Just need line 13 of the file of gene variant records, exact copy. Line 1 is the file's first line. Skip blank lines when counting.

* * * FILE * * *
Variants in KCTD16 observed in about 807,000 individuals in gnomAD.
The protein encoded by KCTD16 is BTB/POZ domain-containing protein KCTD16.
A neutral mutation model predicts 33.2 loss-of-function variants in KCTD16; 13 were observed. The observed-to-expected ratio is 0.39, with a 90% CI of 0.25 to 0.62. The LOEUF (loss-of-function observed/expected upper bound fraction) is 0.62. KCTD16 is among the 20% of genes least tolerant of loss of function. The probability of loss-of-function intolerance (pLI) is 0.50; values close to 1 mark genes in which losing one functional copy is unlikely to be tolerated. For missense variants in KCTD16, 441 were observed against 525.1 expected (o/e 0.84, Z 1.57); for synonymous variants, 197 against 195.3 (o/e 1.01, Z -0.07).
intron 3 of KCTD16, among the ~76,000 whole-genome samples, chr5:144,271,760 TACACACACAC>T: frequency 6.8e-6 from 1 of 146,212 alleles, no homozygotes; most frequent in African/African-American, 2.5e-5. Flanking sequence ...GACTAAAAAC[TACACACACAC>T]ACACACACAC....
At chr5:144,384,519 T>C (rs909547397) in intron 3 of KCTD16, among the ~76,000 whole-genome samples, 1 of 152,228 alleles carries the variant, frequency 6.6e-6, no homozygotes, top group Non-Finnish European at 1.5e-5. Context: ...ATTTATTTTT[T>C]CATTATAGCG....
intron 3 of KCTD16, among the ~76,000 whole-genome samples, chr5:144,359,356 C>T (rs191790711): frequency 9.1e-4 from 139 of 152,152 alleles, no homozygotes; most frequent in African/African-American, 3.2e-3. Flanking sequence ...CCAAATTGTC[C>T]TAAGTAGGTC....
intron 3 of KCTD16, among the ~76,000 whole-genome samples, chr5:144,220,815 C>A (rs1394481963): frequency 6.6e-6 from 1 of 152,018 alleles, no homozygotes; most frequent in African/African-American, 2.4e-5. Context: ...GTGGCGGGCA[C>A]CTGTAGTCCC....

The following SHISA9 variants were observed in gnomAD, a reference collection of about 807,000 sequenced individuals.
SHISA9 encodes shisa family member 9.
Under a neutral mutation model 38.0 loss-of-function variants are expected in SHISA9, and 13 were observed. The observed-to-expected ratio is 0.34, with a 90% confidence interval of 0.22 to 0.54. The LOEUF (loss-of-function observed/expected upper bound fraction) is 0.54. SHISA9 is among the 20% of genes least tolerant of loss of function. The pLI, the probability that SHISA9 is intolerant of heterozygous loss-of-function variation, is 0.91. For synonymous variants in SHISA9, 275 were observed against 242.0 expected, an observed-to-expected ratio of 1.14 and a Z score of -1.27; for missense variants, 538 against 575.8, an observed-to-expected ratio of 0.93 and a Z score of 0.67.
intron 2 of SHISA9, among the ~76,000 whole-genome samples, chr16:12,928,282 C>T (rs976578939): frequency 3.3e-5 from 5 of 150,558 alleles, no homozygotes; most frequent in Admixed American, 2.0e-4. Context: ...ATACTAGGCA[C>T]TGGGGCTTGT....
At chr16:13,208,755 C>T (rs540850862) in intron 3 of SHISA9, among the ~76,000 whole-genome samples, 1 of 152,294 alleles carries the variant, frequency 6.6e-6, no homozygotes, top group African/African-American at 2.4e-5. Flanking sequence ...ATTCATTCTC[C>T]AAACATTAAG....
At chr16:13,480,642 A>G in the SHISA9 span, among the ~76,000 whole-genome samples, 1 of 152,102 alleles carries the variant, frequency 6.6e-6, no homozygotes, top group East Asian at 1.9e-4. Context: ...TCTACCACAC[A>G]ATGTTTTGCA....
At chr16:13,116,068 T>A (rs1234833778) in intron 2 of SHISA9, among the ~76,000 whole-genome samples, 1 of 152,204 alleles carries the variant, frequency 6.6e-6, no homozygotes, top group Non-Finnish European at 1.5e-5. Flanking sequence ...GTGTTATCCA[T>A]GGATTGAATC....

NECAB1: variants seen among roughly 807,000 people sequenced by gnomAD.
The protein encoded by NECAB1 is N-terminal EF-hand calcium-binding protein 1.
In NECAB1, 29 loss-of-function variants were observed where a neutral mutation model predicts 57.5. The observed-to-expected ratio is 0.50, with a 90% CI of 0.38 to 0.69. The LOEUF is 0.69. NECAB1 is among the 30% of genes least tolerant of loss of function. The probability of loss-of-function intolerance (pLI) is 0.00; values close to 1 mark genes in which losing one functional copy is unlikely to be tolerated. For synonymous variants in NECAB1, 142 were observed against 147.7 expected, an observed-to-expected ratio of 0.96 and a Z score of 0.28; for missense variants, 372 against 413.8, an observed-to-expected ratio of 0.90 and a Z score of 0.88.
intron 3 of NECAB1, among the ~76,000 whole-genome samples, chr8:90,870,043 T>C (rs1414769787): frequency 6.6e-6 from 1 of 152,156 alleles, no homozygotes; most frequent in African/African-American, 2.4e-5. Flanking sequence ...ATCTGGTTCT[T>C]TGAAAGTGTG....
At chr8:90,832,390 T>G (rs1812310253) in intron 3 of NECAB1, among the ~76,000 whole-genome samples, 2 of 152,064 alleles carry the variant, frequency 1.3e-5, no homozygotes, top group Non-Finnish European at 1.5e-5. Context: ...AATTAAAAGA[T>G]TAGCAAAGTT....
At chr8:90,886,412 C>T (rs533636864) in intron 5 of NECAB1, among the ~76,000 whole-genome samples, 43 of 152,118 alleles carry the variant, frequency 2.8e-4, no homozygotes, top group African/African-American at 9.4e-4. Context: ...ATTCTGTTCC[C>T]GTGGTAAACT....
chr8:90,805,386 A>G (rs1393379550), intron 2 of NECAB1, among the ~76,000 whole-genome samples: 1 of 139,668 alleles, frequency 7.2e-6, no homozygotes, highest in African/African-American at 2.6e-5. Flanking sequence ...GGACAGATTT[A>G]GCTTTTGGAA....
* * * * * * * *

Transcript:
At chr16:13,480,642 A>G in the SHISA9 span, among the ~76,000 whole-genome samples, 1 of 152,102 alleles carries the variant, frequency 6.6e-6, no homozygotes, top group East Asian at 1.9e-4. Context: ...TCTACCACAC[A>G]ATGTTTTGCA....